Sorry you didn't like the film as much as I did. To me it was one man playing slapstick comedy in surroundings alternately tragic and comic, fictional form mirroring reality. His role is to be a leader in an impossible situation. He bravely plays his part, not stupidly, but as a leader everyone looks up to. What do you want him to do, quit? He soldiers on, quietly desperate. I imagine generals are like business leaders: they have to lay it on thick.

    And how can you blame the movie for letting us know from the start it was going to be about a failure? Who still thinks our wars aren't all cruel, sickening failures?

    I thought the movie made the case against the war in Afghanistan better than any I've seen. And by billing itself as a comedy with a big star, it made me want to watch it. Who otherwise wants to see a serious movie about Afghanistan or Iraq? You know it'll just make you nauseous. Patton in Afghanistan? No thanks. But Dr Strangelove? Oh all right.

    Replies: @Olorin, @bomag

    His role is to be a leader in an impossible situation. He bravely plays his part, not stupidly, but as a leader everyone looks up to. What do you want him to do, quit? He soldiers on, quietly desperate.

    Desperation is not a quality of Stoic leaders.

    It is a quality of people who imagine that the situation should be other than it actually is and respond out of any of the many varieties of idealism.

    Who still thinks our wars aren’t all cruel, sickening failures?

    Whose wars?

    Failures in what respect and for whom?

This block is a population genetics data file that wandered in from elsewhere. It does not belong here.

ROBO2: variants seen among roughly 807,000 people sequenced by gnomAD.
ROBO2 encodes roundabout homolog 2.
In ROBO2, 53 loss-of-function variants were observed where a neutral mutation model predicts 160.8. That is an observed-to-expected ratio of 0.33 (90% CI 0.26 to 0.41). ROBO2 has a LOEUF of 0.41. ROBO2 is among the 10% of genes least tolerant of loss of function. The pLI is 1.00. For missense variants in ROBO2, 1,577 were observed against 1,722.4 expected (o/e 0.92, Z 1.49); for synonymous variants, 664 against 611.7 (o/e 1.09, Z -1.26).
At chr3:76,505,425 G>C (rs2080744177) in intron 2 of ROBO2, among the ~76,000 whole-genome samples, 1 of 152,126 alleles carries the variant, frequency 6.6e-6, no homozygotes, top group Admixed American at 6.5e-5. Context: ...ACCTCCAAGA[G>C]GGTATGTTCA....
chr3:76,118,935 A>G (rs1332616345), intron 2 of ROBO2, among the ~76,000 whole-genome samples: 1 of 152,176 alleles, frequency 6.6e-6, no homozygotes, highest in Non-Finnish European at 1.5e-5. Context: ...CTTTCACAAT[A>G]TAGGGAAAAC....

52. It seems amazing to me that during the 8 years of Obama’s presidency he was never publicly asked to provide a strategic rationale for remaining there.

    He was and he did. To allow the Taliban to regain control and invite every anti-American group to come in and train for big attacks would be a mistake. It would have been a disastrous political mistake for Obama if we left A-stan and a later terrorist attack was traced back to that country.

    The right way to deal with this would have been punitive strategic bombing in 2001. A sustained bombing campaign with the intent of killing people, and lots of them. Then at the end you drop a bunch of leaflets saying “If something like 9/11 happens again we’ll be back”. But the voting public doesn’t have the stomach for that sort of brutality, so we’ve slouched into the next best thing – creating and maintaining a puppet government. Forever.

    • Replies: @Dave Pinsen
    @tsotha

    This is a really dumb rationale. Why should we care if every terrorist in the world camped out in Afghanistan? It's literally half way around the world from us, and the terrorists don't have ICBMs. They can't do anything to us from Afghanistan.

    Your point about a punitive strike makes sense, and that's essentially how the Afghanistan War started. To his credit, Rumsfeld didn't put a lot of boots on the ground initially; he used special forces + local proxies + lots of bombing. But by January of 2002, IIRC, TV footage of Afghan internal refugees had our compassionate conservative President switch to nation-building mode, and NATO went along with him.

    Then, after W. invaded Iraq, Dems seeking to burnish their hawkish bona fides while opposing Iraq inflated the importance of the Afghanistan War, saying that was the "real" war.